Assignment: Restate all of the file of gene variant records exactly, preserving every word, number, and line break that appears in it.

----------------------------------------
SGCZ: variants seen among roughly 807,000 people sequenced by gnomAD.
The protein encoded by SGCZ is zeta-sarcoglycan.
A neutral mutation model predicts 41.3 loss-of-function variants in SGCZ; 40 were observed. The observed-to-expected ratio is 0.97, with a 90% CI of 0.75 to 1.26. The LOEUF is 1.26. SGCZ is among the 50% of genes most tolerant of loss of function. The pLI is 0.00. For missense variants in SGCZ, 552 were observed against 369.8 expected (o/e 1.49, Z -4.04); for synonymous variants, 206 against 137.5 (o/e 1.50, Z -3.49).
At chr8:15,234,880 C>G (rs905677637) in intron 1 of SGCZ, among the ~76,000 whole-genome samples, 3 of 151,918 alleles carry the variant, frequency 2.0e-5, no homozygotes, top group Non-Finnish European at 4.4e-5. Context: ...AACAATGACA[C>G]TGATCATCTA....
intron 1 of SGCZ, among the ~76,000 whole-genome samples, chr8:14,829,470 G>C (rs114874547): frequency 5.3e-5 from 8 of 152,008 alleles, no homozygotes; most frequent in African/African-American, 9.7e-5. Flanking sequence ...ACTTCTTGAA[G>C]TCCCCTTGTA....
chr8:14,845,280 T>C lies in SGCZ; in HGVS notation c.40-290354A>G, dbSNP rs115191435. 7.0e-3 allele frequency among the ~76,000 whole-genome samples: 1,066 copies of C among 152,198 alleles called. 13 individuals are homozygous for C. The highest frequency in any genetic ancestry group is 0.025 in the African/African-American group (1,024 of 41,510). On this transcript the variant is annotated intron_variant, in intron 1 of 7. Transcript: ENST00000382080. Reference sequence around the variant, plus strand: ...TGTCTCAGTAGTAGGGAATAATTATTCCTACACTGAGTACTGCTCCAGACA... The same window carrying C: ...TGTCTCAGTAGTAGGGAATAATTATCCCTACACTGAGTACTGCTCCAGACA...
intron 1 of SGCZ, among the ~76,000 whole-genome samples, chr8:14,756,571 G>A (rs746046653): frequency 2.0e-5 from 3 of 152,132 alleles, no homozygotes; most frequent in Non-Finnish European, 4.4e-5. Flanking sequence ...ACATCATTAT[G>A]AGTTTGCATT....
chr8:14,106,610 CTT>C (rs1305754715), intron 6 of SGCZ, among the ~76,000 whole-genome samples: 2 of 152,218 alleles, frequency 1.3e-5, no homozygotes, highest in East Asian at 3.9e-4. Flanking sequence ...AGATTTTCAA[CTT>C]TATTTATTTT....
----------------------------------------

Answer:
SGCZ: variants seen among roughly 807,000 people sequenced by gnomAD.
The protein encoded by SGCZ is zeta-sarcoglycan.
A neutral mutation model predicts 41.3 loss-of-function variants in SGCZ; 40 were observed. The observed-to-expected ratio is 0.97, with a 90% CI of 0.75 to 1.26. The LOEUF is 1.26. SGCZ is among the 50% of genes most tolerant of loss of function. The pLI is 0.00. For missense variants in SGCZ, 552 were observed against 369.8 expected (o/e 1.49, Z -4.04); for synonymous variants, 206 against 137.5 (o/e 1.50, Z -3.49).
At chr8:15,234,880 C>G (rs905677637) in intron 1 of SGCZ, among the ~76,000 whole-genome samples, 3 of 151,918 alleles carry the variant, frequency 2.0e-5, no homozygotes, top group Non-Finnish European at 4.4e-5. Context: ...AACAATGACA[C>G]TGATCATCTA....
intron 1 of SGCZ, among the ~76,000 whole-genome samples, chr8:14,829,470 G>C (rs114874547): frequency 5.3e-5 from 8 of 152,008 alleles, no homozygotes; most frequent in African/African-American, 9.7e-5. Flanking sequence ...ACTTCTTGAA[G>C]TCCCCTTGTA....
chr8:14,845,280 T>C lies in SGCZ; in HGVS notation c.40-290354A>G, dbSNP rs115191435. 7.0e-3 allele frequency among the ~76,000 whole-genome samples: 1,066 copies of C among 152,198 alleles called. 13 individuals are homozygous for C. The highest frequency in any genetic ancestry group is 0.025 in the African/African-American group (1,024 of 41,510). On this transcript the variant is annotated intron_variant, in intron 1 of 7. Transcript: ENST00000382080. Reference sequence around the variant, plus strand: ...TGTCTCAGTAGTAGGGAATAATTATTCCTACACTGAGTACTGCTCCAGACA... The same window carrying C: ...TGTCTCAGTAGTAGGGAATAATTATCCCTACACTGAGTACTGCTCCAGACA...
intron 1 of SGCZ, among the ~76,000 whole-genome samples, chr8:14,756,571 G>A (rs746046653): frequency 2.0e-5 from 3 of 152,132 alleles, no homozygotes; most frequent in Non-Finnish European, 4.4e-5. Flanking sequence ...ACATCATTAT[G>A]AGTTTGCATT....
chr8:14,106,610 CTT>C (rs1305754715), intron 6 of SGCZ, among the ~76,000 whole-genome samples: 2 of 152,218 alleles, frequency 1.3e-5, no homozygotes, highest in East Asian at 3.9e-4. Flanking sequence ...AGATTTTCAA[CTT>C]TATTTATTTT....